As the official beginning of Petz RocTrip neared, the great arch remained on Tuesday, October 24, the venue of choice for most of the Petzl Team athletes. A cluster of routes ranging from 8b (5.13d) to 9a (5.14d) on the left-hand side of the arch drew the most attention. Here, Sasha DiGiulian, Nina Caprez, Jon Cardwell, Dave Graham, Chris Sharma, Emily Harrington, Enzo Oddo, and others took turns working out the technical moves on slopey, rice bowl-shaped holds.
At the same time a few dozen climbers from around the world explored the massive covered climbing wonderland of the arch, which is big enough to contain routes with many different styles and lengths. Locals from the surrounding villages came to watch. At one point, two men carried a woman seated in a bamboo chair up the nearly 1400 limestone-block steps so she could observe the goings on.
A boat crossing northwest of basecamp is the only means of accessing the path to the Great Arch. Local villagers often load their motorcycles onto the small, low craft there, which is guided by a lone pilot with a long bamboo pole for steering and propulsion. Most of the other crags around Getu: Oliver's Crag, Banyang's Cave, Fish Crag… lie down Getu's main road in the opposite direction. The route to Banyang's Cave follows a long path though a small village of rustic houses. Villagers here are very friendly to visitors, and may just invite you in for for a meal as you walk past. At this time of year, the terraced fields all around Getu are full of bundles of rice straw with pointed tops that look like tiny thatch-roofed huts. In the fields, farmers can be seen driving their cattle or walking beside water buffalo pulling plows through the black soil.
Wednesday, October 25
Climbers arrived en masse, and after registering, they were invited for an equipment inspection and safety check (knots, installation of a top rope, etc). After completing the check, their guide book was officially stamped with the seal of the event and they received their access passes. The safety check was conducted by experienced climbers who volunteered for the event. Matt (Kentucky USA), Gary (NY USA), Duncan (Australia), Rachel (Winnipeg Canada) and Jake (Seattle USA) concluded that most the climbers had good technique. They were impressed that there were so many different techniques throughout around the world.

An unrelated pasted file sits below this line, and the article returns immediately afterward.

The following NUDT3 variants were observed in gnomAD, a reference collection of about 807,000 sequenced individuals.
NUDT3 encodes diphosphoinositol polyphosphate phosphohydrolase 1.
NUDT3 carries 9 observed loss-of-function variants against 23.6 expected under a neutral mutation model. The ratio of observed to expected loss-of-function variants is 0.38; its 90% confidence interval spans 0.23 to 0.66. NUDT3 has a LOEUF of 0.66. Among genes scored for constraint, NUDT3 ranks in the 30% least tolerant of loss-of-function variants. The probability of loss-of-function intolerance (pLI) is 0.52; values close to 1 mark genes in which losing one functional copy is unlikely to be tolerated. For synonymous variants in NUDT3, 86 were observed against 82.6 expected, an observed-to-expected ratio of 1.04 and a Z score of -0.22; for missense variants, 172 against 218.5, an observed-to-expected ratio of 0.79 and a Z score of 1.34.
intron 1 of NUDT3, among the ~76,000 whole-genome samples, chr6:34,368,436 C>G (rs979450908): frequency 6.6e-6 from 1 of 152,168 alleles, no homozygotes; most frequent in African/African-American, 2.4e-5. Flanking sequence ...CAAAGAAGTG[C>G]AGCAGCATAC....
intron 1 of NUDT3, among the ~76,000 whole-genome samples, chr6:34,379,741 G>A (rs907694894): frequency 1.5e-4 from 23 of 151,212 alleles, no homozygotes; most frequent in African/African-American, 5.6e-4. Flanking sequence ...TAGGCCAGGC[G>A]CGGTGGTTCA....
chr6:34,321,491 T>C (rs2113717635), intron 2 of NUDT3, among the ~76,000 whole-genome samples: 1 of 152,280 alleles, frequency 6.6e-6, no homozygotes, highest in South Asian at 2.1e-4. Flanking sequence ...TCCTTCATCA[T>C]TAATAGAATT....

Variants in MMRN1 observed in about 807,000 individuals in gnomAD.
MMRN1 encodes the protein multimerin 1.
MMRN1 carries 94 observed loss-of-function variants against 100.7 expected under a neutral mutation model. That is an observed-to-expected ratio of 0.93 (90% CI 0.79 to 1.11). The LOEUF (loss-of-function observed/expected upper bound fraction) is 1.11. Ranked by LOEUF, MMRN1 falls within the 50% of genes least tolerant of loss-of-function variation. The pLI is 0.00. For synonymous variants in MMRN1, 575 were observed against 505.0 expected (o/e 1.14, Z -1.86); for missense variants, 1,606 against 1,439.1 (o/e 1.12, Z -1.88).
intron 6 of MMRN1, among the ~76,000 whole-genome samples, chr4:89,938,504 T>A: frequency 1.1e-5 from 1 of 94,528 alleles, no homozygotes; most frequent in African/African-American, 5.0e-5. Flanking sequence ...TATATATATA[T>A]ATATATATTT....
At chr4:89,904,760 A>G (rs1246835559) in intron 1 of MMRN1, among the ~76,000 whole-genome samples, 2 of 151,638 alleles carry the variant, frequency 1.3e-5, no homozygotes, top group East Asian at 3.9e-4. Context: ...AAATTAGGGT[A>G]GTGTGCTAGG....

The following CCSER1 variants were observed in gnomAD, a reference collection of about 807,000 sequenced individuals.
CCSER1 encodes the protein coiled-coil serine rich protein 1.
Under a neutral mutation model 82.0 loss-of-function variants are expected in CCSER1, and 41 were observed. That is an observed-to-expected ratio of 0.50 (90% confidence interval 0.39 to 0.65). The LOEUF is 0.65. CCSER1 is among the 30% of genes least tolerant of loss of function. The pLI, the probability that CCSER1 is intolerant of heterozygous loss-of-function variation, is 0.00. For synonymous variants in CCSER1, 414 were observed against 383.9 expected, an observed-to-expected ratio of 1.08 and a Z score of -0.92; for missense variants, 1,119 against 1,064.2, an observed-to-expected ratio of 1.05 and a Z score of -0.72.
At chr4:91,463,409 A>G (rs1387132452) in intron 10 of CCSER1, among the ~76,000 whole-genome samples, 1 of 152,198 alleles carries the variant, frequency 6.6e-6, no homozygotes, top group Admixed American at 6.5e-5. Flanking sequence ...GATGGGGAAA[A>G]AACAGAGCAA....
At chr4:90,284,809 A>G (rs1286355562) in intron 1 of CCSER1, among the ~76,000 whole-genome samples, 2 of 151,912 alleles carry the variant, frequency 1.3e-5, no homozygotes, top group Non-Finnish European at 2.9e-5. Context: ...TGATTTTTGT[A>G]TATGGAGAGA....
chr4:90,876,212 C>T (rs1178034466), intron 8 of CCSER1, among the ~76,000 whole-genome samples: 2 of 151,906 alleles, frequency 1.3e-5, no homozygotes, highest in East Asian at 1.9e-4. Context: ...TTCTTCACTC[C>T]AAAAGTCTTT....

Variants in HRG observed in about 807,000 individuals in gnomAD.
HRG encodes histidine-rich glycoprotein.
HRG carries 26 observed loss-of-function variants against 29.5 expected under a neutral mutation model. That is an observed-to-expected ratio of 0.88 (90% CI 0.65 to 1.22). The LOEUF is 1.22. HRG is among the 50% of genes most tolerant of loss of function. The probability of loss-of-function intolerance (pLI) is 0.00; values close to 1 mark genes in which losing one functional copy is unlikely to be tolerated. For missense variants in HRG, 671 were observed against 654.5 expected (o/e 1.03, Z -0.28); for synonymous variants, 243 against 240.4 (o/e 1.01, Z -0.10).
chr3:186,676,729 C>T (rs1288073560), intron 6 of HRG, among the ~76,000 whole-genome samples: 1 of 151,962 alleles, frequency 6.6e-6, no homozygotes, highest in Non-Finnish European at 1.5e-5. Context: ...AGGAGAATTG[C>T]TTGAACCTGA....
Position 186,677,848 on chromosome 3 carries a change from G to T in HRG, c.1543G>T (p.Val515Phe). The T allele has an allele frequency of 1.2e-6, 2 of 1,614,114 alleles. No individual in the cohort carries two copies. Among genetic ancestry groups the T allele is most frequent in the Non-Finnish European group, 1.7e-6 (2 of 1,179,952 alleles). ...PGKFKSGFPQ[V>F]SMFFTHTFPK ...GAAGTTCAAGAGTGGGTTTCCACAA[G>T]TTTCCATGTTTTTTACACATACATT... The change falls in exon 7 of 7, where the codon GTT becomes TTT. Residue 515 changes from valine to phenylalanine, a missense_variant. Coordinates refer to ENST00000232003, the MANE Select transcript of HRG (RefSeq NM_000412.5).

As they were going through registration, we were able to meet some RocTrippers:
Bobo, 25 years old from GuangZhou works for an outdoor company but has only climbed since last May. She travelled alone but had plans to join a group of friends. When asked why she climbs her clear answer was "to challenge my fears"! She came here to discover a new area and meet other climbers. She has never climbed outside of China and plans to organize a trip to Thailand later this year.
Elaine, 30, is from Hong Kong, and has climbed for 5 years. She came over with a small group of friends after hearing about the event in her hometown bouldering gym. They didn't want to miss this unique opportunity to see top level athletes from the team and meet climbers from all around the world.
As the afternoon passed local officials, dancers and singers went through a full rehearsal of the approaching opening ceremony.
That day, Petzl Team athletes managed to send a few hard routes.
- Nina Caprez sent an 8b+ (5.14a) in the Great Arch called "Powder Finger"
- Steve McClure onsighted an 8b (5.13d) called "Bip Bip et Coyote" at Banyang's Cave.
On Thursday morning, Petzl RocTrip China's elaborate opening ceremony took place at the climber's basecamp. A RocTrip banner in English and Chinese served as a backdrop to the large stage flanked by jumbo video screens on either side. Red helium balloons on long red tethers floated all around the area. The local governments bused in uniformed police officers to attend the event, and several officials stood up, joined by an interpreter, to deliver speeches in which they thanked everyone involved and predicted an excellent and successful RocTrip. This was followed by music and an ornately costumed dance performances highlighting the rich culture of the Miao-Buyi minority. No other RocTrip has had quite such a beginning.
Although heavy rain fell on the valley the whole day, the day was saved for many climbers thanks to the unique shelter that the big arch offers. Unfortunatly, the climbing clinics were cancelled due to the weather. Climbing area volunteers were present at each climbing area to check on safety of the climbers.
Leon and Lior from Israel were climbing in Yangshuo when they heard about a call for volunteers for the RocTrip. As experienced climbers, they were very useful to help manage safety at the climbing areas. In return, they were offered food, board and goodies during their stay in Getu. On the way they attended another climbing event in "Bijie". Their role became important when they had to advise beginners who were making some rather serious mistakes, such as threading two ropes through the same anchor and a top rope set up using only one quickdraw. As always, everyday safety at the crag relies on knowledge, training, experience, concentration and communication.
Taking advantage of the dry conditions under the arch, an up-and-coming young French climber, Matthieu Bouilloux, smoothly sent an 8c+ (5.14c) called Polvo Tecnico, which Mickäel Fuselier climbed earlier on the trip. A hundred meters above the ground, Dani Andrada, is still working out the difficult moves on his route.
Crowds of attendees from around the world now fill Getu's hotels, guesthouses, campgrounds and school dormatory. Friday morning, the clearing skies brought excitement. The numerous climbers spread out in all areas of the valley for a hard day of cranking. RocTrip China is officially underway!